INTERVIEW: Jeremy Sassoon (new album Jeremy Sassoon and Friends, launch gigs at Pizza Express Dean Street 6 and 7 July + Berlin and Manchester)

Jeremy Sassoon at Goostrey Festival, Cheshire, 2010
Photo credit: William Ellis

Singer-pianist JEREMY SASSOON has a new album out, Jeremy Sassoon and Friends. It was recorded live at Pizza Express Dean Street in 2017. He will return there for album launch gigs on 6 and 7 July, followed by performances in Berlin and Manchester. He explained the background to Sebastian:

LondonJazz News: Where are you from, and where do you live now?

Jeremy Sassoon: I’m from Manchester and I still live there. In recent years however I’ve been increasingly gigging down in London and worked out I’d actually spent more than two months there last year.

LJN: And you are actually Dr. Sassoon, right?

JS: That’s right. I went to medical school at The Middlesex Hospital in London at 18 and having qualified as a doctor, I worked in the hospital system for a further seven years, most of which was spent training as a hospital psychiatrist. An excellent training with which to enter the world of music I may add.

LJN:  Ray Charles has been quite a big deal for you… how did all that start?

JS: In 2009, I was trying to think of a new project to submit to the Manchester Jazz Festival. At the time I was just a keyboard player/MD and hadn’t started singing. I was working with a great jazz and gospel singer Paul Bentley and came up with the idea of a Ray Charles project since Ray’s balance of jazz, blues and soul matched exactly mine and Paul’s style. I teamed up with Iain Dixon (saxophone) and put together a great 11-piece (and later a 17-piece band), which amongst other musicians featured Mike Walker on guitar. As it happens Paul soon gave up singing altogether and all of a sudden I had to either learn how to sing the show or disband it. After several deep breaths, I managed the former and have been singing and fronting gigs ever since. The show has provided me with some great moments, like headlining at Ronnie’s for London 2012, playing the Jazz Cafe, Bluesfest at the O2 and headlining Manchester Jazz Festival twice. Next month, we’ll be at the Wigan International Jazz Festival amongst some illustrious company…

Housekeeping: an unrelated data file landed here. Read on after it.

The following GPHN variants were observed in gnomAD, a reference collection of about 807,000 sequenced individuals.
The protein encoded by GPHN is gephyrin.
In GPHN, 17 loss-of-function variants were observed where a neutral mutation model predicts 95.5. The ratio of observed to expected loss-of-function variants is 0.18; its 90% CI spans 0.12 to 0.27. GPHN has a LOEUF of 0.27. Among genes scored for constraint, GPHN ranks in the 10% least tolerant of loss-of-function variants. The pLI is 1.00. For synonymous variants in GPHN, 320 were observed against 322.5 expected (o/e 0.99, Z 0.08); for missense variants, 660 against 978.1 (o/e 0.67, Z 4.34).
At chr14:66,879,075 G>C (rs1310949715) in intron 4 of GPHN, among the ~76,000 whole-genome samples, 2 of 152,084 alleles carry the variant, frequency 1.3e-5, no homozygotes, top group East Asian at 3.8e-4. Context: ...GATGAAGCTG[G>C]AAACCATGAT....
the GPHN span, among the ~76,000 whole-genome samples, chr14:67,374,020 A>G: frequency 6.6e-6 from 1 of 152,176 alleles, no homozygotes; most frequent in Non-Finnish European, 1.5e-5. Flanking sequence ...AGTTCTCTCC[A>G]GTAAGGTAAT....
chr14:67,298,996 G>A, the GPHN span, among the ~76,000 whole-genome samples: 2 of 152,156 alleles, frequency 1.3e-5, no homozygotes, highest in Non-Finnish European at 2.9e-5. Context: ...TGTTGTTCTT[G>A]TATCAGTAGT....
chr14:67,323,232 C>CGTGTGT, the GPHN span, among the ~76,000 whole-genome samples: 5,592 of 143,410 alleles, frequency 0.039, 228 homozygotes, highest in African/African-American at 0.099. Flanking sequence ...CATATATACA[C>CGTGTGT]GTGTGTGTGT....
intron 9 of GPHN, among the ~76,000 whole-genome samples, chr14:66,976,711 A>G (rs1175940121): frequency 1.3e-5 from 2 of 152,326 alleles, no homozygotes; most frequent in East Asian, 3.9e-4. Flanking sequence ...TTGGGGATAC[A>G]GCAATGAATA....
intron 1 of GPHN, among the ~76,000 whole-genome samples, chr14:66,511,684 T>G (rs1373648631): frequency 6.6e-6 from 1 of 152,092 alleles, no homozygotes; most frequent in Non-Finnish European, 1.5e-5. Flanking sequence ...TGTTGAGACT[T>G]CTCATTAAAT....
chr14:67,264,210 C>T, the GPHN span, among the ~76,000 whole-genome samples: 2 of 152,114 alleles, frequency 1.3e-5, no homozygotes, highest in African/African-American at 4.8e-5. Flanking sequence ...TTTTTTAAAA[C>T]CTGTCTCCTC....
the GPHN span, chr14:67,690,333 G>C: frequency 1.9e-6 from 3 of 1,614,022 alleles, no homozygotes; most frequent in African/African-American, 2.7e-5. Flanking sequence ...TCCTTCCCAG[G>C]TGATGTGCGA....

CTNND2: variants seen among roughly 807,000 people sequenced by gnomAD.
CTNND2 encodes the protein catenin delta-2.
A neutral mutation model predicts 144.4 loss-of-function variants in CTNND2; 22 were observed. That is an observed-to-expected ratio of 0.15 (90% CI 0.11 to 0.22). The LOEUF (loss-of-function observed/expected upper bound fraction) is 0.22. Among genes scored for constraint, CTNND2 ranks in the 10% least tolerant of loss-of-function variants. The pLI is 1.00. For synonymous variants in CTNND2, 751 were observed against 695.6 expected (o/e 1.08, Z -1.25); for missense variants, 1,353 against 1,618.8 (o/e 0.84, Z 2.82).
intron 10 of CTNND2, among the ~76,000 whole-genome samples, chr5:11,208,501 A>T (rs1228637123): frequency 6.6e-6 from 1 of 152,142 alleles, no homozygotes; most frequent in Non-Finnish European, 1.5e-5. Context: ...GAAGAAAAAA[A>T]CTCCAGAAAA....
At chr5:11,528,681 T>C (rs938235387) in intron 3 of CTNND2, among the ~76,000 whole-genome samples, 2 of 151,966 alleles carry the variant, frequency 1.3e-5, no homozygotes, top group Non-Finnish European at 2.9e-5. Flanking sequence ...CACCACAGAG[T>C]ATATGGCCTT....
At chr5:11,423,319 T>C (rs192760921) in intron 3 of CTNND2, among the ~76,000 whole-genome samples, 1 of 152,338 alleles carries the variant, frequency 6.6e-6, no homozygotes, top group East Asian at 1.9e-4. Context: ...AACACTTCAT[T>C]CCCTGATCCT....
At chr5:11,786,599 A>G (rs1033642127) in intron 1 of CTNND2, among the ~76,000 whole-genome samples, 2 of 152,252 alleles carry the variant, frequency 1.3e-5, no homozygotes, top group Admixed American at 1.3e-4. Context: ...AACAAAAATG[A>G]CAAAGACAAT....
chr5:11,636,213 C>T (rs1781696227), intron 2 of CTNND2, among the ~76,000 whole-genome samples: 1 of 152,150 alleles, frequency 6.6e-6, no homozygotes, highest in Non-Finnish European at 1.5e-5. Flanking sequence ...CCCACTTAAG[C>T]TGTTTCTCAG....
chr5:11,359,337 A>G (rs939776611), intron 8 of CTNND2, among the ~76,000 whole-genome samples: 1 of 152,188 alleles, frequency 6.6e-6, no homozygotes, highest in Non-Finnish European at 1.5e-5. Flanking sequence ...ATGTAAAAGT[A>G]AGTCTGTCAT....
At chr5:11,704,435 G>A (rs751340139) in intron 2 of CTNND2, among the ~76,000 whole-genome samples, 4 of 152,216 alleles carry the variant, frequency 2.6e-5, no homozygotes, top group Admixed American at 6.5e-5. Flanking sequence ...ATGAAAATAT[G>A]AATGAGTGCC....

LJN:  There is a story about a song of yours being picked on Desert Island Discs…?

JS: This was a story involving my two career worlds colliding. Whilst I’ve been plugging away as a gigging musician, my medical friends and colleagues that I’d qualified with had become eminent professors and consultants. One such colleague Hugh Montgomery, a professor of Intensive care (and the holder of the world record for underwater piano playing) was invited onto Desert Island Discs in 2014. He was a big fan of my music and chose my version of the song The Things We’ve Handed Down as his castaway’s favourite. I’d never seen such a flurry of activity on my website & iTunes as I did that month and the song hit Number 1 in the iTunes vocal download chart, ironically knocking Ray Charles off his perch. And Frank Sinatra and Etta James. That was my 15 mins of fame.

LJN: And you have (professional) musician siblings… what do you attribute that to?

JS: Yes, my sister Julie Sassoon is an amazing composer and pianist based in Berlin. My other sister Lucy is a singer-pianist living in Spain and although my brother Laurence chose the “proper job” route, he was just as accomplished a musician. To what do I attribute it? Some sort of complex Sassoon chromosomal abnormality